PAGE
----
"In addition to the specific rules and procedures referred in to paragraph 1 of Article 11 of the Treaty on European Union, the Conference underlines that the provisions covering the Common Foreign and Security Policy, including in relation to the High Representative of the Union for Foreign Affairs and Security Policy and the External Action Service, will not effect the existing legal basis, responsibilities and powers of each Member State in relation to the formulation and conduct of its foreign policy, its national diplomatic service, relations with third countries and participation in international organisations, including a Member State's membership of the Security Council of the United Nations".
I think that wording is crystal clear and that the UK's independent foreign policy is protected.
The noble Baroness, Lady Park, is not in her place, but she referred to the relationship between the External Action Service and the diplomatic services of existing European Union countries, particularly of ours. The noble Lord, Lord Stoddart, raised the same issue. We have had EU Commission delegations in third countries and international organisations since the 1970s. At the present time, there are 131 overseas delegations. They will be renamed Union delegations under the authority of the high representative. We believe that makes them more accountable through the high representative of the member states and ensures that they represent the Union as a whole—as defined by the member states—rather than those of just one of its institutions, in this case the Commission. It is about making better use of existing Union resources and better policy implementations. That will be an important element of how the service will bring together existing work that is going on. Of course we make clear in the treaty that the External Action Service shall work in co-operation with the diplomatic services of other member states. That is an important part of the work it will do. It will not be issuing visas for any other nation. It will be working in collaboration with existing diplomatic services and consular services. It will not be in any way replacing them.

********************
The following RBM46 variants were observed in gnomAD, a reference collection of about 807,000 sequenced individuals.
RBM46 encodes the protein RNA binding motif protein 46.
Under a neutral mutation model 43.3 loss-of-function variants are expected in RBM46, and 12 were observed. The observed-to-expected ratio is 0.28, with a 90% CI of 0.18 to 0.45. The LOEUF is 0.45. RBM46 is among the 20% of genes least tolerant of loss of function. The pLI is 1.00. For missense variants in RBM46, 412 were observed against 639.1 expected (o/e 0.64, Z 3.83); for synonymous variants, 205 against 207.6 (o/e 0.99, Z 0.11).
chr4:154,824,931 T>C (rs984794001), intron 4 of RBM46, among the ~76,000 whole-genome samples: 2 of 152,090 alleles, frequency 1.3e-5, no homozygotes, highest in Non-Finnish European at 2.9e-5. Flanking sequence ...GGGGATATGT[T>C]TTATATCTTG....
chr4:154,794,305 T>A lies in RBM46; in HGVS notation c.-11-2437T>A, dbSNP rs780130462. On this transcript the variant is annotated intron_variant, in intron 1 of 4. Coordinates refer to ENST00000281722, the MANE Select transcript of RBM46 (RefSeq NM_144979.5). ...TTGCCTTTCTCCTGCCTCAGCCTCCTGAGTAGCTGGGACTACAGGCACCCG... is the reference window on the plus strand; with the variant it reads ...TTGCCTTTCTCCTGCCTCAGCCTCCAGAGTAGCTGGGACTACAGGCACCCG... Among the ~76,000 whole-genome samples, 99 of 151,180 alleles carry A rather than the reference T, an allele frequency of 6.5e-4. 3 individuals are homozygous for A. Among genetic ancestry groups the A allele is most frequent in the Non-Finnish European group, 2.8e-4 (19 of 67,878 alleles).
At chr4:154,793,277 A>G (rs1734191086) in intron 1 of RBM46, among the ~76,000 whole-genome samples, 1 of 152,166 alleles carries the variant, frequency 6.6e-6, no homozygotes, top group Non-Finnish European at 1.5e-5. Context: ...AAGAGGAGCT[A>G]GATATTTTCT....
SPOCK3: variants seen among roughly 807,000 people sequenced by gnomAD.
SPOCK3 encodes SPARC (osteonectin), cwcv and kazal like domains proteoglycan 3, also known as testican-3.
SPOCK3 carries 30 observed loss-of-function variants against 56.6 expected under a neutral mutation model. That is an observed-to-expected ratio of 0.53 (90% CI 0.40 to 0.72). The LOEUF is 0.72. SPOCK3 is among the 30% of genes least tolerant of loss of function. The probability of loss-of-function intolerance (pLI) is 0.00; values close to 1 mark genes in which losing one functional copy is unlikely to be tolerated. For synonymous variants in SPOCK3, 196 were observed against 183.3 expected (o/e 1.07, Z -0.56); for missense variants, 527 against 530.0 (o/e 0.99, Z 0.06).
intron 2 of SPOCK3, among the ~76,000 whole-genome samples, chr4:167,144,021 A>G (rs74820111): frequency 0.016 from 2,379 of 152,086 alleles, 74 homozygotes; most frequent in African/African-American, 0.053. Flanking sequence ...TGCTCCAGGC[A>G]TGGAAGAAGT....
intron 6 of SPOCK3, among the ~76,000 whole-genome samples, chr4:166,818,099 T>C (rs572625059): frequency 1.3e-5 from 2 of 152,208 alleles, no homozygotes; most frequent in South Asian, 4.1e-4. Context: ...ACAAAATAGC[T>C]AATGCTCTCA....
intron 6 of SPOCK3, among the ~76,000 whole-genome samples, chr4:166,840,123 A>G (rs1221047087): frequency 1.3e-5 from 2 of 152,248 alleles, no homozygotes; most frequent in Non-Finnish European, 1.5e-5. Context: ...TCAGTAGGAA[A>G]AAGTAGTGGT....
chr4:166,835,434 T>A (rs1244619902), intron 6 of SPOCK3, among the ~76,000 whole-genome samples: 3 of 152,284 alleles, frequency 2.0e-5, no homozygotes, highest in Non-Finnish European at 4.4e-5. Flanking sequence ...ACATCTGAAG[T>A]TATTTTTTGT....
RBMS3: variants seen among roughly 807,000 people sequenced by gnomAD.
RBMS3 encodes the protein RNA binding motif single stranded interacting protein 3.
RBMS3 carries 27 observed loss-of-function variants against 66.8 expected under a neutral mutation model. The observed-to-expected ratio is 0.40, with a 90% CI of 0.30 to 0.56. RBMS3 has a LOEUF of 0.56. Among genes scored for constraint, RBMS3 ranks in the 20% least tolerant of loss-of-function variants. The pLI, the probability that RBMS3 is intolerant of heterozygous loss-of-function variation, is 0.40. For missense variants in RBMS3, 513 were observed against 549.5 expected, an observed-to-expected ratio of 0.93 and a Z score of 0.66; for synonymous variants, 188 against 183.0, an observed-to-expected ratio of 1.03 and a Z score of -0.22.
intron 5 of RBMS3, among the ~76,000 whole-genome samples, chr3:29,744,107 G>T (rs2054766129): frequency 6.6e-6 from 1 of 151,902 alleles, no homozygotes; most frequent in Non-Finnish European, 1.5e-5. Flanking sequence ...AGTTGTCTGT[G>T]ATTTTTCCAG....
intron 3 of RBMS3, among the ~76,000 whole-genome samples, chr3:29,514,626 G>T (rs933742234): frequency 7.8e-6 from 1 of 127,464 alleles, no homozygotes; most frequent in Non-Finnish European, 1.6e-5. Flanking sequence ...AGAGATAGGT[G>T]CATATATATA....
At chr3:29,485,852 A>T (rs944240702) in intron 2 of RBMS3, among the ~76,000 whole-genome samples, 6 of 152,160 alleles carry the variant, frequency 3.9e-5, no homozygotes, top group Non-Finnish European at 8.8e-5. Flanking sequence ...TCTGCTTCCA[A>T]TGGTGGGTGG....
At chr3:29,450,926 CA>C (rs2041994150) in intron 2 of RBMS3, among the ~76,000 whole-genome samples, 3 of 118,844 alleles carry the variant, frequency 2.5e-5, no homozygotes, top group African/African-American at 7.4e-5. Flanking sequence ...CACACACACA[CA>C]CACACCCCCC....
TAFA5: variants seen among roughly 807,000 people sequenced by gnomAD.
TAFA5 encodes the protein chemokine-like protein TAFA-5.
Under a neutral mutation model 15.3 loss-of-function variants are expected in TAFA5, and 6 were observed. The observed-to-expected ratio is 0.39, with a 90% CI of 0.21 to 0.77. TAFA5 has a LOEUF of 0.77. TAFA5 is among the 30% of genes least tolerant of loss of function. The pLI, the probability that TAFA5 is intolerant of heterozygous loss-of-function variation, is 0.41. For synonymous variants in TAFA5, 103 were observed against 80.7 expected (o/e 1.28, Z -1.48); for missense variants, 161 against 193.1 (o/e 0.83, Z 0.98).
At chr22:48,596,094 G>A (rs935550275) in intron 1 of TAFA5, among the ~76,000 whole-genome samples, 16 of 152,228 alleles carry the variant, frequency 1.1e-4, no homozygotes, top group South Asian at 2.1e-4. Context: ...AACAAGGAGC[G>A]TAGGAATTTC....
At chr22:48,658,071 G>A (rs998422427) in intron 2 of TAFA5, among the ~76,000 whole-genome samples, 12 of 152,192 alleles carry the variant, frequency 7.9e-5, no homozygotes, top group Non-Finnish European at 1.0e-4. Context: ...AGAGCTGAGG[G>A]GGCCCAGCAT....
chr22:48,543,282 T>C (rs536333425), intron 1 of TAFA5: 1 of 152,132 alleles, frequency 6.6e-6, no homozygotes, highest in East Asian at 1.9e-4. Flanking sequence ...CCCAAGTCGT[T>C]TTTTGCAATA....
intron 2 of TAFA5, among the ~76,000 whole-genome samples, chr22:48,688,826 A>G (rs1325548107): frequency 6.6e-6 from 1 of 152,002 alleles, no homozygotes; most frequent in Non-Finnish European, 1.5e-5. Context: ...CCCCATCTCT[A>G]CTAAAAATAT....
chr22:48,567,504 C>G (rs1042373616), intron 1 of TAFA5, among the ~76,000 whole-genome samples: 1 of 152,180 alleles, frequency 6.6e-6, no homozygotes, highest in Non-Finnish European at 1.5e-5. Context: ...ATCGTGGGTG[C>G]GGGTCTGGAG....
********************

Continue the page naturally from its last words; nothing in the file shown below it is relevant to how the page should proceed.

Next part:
The treaty is clear on the establishment of the External Action Service. The EAS establishment is by unanimity. If it is decided to go ahead and establish it, that will be how it is established. Again, that is clear within the treaty. When I was in Brussels a couple of weeks ago, I spent some time talking about the potential for the External Action Service in terms of the opportunity it will give to bring together the different elements of the service to provide a better service through member states and provide opportunities for diplomats from countries all over the European Union who want to spend time working in the External Action Service. I see this as nothing other than a great move. I see nothing ambiguous about it. It will be important in terms of the development of supporting the policies of the European Union. I hope that noble Lords will agree with that.